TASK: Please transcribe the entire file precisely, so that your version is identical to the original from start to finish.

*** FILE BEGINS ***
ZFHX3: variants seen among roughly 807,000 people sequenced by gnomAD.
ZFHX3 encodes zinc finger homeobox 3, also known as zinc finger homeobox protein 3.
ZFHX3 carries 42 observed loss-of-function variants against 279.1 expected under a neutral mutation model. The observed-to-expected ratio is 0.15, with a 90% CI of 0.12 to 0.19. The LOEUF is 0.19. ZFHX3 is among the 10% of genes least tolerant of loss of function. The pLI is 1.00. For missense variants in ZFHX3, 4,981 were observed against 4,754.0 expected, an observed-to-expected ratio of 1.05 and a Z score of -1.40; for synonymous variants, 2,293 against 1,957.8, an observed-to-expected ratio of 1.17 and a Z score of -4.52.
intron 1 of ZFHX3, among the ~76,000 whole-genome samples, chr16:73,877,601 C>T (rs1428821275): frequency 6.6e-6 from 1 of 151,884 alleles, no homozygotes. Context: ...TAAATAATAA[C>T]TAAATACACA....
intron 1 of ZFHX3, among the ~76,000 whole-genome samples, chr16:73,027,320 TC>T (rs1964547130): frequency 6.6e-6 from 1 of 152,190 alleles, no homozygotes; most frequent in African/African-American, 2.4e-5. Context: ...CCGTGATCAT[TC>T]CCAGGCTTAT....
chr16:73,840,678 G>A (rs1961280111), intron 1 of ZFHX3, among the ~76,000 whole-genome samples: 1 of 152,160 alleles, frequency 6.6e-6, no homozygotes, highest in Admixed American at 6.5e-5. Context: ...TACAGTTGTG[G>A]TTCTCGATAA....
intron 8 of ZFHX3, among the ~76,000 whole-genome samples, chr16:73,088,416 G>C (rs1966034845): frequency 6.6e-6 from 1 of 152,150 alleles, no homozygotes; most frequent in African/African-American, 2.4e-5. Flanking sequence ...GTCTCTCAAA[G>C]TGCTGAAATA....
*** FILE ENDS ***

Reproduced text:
ZFHX3: variants seen among roughly 807,000 people sequenced by gnomAD.
ZFHX3 encodes zinc finger homeobox 3, also known as zinc finger homeobox protein 3.
ZFHX3 carries 42 observed loss-of-function variants against 279.1 expected under a neutral mutation model. The observed-to-expected ratio is 0.15, with a 90% CI of 0.12 to 0.19. The LOEUF is 0.19. ZFHX3 is among the 10% of genes least tolerant of loss of function. The pLI is 1.00. For missense variants in ZFHX3, 4,981 were observed against 4,754.0 expected, an observed-to-expected ratio of 1.05 and a Z score of -1.40; for synonymous variants, 2,293 against 1,957.8, an observed-to-expected ratio of 1.17 and a Z score of -4.52.
intron 1 of ZFHX3, among the ~76,000 whole-genome samples, chr16:73,877,601 C>T (rs1428821275): frequency 6.6e-6 from 1 of 151,884 alleles, no homozygotes. Context: ...TAAATAATAA[C>T]TAAATACACA....
intron 1 of ZFHX3, among the ~76,000 whole-genome samples, chr16:73,027,320 TC>T (rs1964547130): frequency 6.6e-6 from 1 of 152,190 alleles, no homozygotes; most frequent in African/African-American, 2.4e-5. Context: ...CCGTGATCAT[TC>T]CCAGGCTTAT....
chr16:73,840,678 G>A (rs1961280111), intron 1 of ZFHX3, among the ~76,000 whole-genome samples: 1 of 152,160 alleles, frequency 6.6e-6, no homozygotes, highest in Admixed American at 6.5e-5. Context: ...TACAGTTGTG[G>A]TTCTCGATAA....
intron 8 of ZFHX3, among the ~76,000 whole-genome samples, chr16:73,088,416 G>C (rs1966034845): frequency 6.6e-6 from 1 of 152,150 alleles, no homozygotes; most frequent in African/African-American, 2.4e-5. Flanking sequence ...GTCTCTCAAA[G>C]TGCTGAAATA....